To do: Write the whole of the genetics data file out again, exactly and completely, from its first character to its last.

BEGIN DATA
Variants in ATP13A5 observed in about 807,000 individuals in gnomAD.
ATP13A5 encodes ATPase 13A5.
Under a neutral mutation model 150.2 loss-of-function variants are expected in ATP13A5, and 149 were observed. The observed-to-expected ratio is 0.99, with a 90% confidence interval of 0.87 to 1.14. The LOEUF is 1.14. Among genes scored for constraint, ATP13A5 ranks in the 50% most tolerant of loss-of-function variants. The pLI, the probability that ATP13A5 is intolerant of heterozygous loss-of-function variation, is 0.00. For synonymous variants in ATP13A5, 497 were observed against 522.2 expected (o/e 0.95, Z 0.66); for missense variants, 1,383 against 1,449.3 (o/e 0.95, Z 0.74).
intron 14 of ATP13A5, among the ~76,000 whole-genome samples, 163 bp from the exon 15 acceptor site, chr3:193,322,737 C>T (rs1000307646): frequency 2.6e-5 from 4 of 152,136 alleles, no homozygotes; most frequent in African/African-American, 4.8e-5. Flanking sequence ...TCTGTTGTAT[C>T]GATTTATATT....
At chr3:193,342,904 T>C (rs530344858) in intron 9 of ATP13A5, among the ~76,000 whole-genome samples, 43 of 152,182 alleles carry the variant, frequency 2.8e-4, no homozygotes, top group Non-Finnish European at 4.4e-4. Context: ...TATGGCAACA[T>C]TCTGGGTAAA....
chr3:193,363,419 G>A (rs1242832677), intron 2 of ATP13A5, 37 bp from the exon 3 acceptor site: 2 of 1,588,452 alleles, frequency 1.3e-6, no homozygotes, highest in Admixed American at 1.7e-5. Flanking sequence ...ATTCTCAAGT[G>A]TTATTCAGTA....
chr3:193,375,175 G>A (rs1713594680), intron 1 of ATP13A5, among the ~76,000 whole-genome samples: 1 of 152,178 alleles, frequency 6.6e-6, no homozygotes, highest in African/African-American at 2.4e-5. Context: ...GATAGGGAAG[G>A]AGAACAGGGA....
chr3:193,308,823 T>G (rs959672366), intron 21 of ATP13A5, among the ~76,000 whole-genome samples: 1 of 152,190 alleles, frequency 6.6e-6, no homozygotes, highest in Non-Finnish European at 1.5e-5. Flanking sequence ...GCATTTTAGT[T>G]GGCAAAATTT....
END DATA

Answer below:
Variants in ATP13A5 observed in about 807,000 individuals in gnomAD.
ATP13A5 encodes ATPase 13A5.
Under a neutral mutation model 150.2 loss-of-function variants are expected in ATP13A5, and 149 were observed. The observed-to-expected ratio is 0.99, with a 90% confidence interval of 0.87 to 1.14. The LOEUF is 1.14. Among genes scored for constraint, ATP13A5 ranks in the 50% most tolerant of loss-of-function variants. The pLI, the probability that ATP13A5 is intolerant of heterozygous loss-of-function variation, is 0.00. For synonymous variants in ATP13A5, 497 were observed against 522.2 expected (o/e 0.95, Z 0.66); for missense variants, 1,383 against 1,449.3 (o/e 0.95, Z 0.74).
intron 14 of ATP13A5, among the ~76,000 whole-genome samples, 163 bp from the exon 15 acceptor site, chr3:193,322,737 C>T (rs1000307646): frequency 2.6e-5 from 4 of 152,136 alleles, no homozygotes; most frequent in African/African-American, 4.8e-5. Flanking sequence ...TCTGTTGTAT[C>T]GATTTATATT....
At chr3:193,342,904 T>C (rs530344858) in intron 9 of ATP13A5, among the ~76,000 whole-genome samples, 43 of 152,182 alleles carry the variant, frequency 2.8e-4, no homozygotes, top group Non-Finnish European at 4.4e-4. Context: ...TATGGCAACA[T>C]TCTGGGTAAA....
chr3:193,363,419 G>A (rs1242832677), intron 2 of ATP13A5, 37 bp from the exon 3 acceptor site: 2 of 1,588,452 alleles, frequency 1.3e-6, no homozygotes, highest in Admixed American at 1.7e-5. Flanking sequence ...ATTCTCAAGT[G>A]TTATTCAGTA....
chr3:193,375,175 G>A (rs1713594680), intron 1 of ATP13A5, among the ~76,000 whole-genome samples: 1 of 152,178 alleles, frequency 6.6e-6, no homozygotes, highest in African/African-American at 2.4e-5. Context: ...GATAGGGAAG[G>A]AGAACAGGGA....
chr3:193,308,823 T>G (rs959672366), intron 21 of ATP13A5, among the ~76,000 whole-genome samples: 1 of 152,190 alleles, frequency 6.6e-6, no homozygotes, highest in Non-Finnish European at 1.5e-5. Flanking sequence ...GCATTTTAGT[T>G]GGCAAAATTT....